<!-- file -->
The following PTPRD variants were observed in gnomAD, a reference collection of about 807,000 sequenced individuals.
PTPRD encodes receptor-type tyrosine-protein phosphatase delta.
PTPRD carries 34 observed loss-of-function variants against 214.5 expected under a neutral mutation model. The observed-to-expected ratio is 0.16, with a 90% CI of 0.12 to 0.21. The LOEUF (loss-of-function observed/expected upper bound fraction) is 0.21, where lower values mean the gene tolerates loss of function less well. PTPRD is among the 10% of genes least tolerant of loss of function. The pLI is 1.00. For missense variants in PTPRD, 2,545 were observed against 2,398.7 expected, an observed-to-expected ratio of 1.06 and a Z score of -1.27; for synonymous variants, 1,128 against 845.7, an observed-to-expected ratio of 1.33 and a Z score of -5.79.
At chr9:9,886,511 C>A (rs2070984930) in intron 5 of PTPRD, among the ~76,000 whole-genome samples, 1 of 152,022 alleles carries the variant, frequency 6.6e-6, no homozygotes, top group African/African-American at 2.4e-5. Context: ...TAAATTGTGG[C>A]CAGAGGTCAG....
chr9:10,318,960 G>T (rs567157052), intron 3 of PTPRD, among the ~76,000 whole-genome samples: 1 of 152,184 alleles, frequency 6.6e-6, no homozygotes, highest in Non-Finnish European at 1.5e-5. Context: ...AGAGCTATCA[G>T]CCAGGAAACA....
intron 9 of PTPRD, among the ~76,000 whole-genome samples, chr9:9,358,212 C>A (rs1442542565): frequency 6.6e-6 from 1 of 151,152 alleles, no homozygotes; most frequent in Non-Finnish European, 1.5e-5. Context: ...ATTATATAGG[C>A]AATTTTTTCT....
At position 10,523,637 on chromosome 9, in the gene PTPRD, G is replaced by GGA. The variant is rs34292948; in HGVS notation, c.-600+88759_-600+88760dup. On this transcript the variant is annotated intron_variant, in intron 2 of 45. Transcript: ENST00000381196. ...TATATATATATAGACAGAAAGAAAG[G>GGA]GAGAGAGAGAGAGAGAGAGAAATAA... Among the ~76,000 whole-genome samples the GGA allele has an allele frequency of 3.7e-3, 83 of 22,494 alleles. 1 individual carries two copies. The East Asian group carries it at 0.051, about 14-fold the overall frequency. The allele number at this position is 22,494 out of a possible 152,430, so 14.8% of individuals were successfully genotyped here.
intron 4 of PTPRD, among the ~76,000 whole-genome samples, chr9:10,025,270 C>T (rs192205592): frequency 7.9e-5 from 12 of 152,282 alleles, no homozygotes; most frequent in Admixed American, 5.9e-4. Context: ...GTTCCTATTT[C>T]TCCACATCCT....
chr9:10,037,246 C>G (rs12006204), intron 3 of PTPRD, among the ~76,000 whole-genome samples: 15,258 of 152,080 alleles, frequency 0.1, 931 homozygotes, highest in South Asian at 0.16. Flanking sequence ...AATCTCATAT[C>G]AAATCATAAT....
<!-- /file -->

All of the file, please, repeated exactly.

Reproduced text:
The following PTPRD variants were observed in gnomAD, a reference collection of about 807,000 sequenced individuals.
PTPRD encodes receptor-type tyrosine-protein phosphatase delta.
PTPRD carries 34 observed loss-of-function variants against 214.5 expected under a neutral mutation model. The observed-to-expected ratio is 0.16, with a 90% CI of 0.12 to 0.21. The LOEUF (loss-of-function observed/expected upper bound fraction) is 0.21, where lower values mean the gene tolerates loss of function less well. PTPRD is among the 10% of genes least tolerant of loss of function. The pLI is 1.00. For missense variants in PTPRD, 2,545 were observed against 2,398.7 expected, an observed-to-expected ratio of 1.06 and a Z score of -1.27; for synonymous variants, 1,128 against 845.7, an observed-to-expected ratio of 1.33 and a Z score of -5.79.
At chr9:9,886,511 C>A (rs2070984930) in intron 5 of PTPRD, among the ~76,000 whole-genome samples, 1 of 152,022 alleles carries the variant, frequency 6.6e-6, no homozygotes, top group African/African-American at 2.4e-5. Context: ...TAAATTGTGG[C>A]CAGAGGTCAG....
chr9:10,318,960 G>T (rs567157052), intron 3 of PTPRD, among the ~76,000 whole-genome samples: 1 of 152,184 alleles, frequency 6.6e-6, no homozygotes, highest in Non-Finnish European at 1.5e-5. Context: ...AGAGCTATCA[G>T]CCAGGAAACA....
intron 9 of PTPRD, among the ~76,000 whole-genome samples, chr9:9,358,212 C>A (rs1442542565): frequency 6.6e-6 from 1 of 151,152 alleles, no homozygotes; most frequent in Non-Finnish European, 1.5e-5. Context: ...ATTATATAGG[C>A]AATTTTTTCT....
At position 10,523,637 on chromosome 9, in the gene PTPRD, G is replaced by GGA. The variant is rs34292948; in HGVS notation, c.-600+88759_-600+88760dup. On this transcript the variant is annotated intron_variant, in intron 2 of 45. Transcript: ENST00000381196. ...TATATATATATAGACAGAAAGAAAG[G>GGA]GAGAGAGAGAGAGAGAGAGAAATAA... Among the ~76,000 whole-genome samples the GGA allele has an allele frequency of 3.7e-3, 83 of 22,494 alleles. 1 individual carries two copies. The East Asian group carries it at 0.051, about 14-fold the overall frequency. The allele number at this position is 22,494 out of a possible 152,430, so 14.8% of individuals were successfully genotyped here.
intron 4 of PTPRD, among the ~76,000 whole-genome samples, chr9:10,025,270 C>T (rs192205592): frequency 7.9e-5 from 12 of 152,282 alleles, no homozygotes; most frequent in Admixed American, 5.9e-4. Context: ...GTTCCTATTT[C>T]TCCACATCCT....
chr9:10,037,246 C>G (rs12006204), intron 3 of PTPRD, among the ~76,000 whole-genome samples: 15,258 of 152,080 alleles, frequency 0.1, 931 homozygotes, highest in South Asian at 0.16. Flanking sequence ...AATCTCATAT[C>G]AAATCATAAT....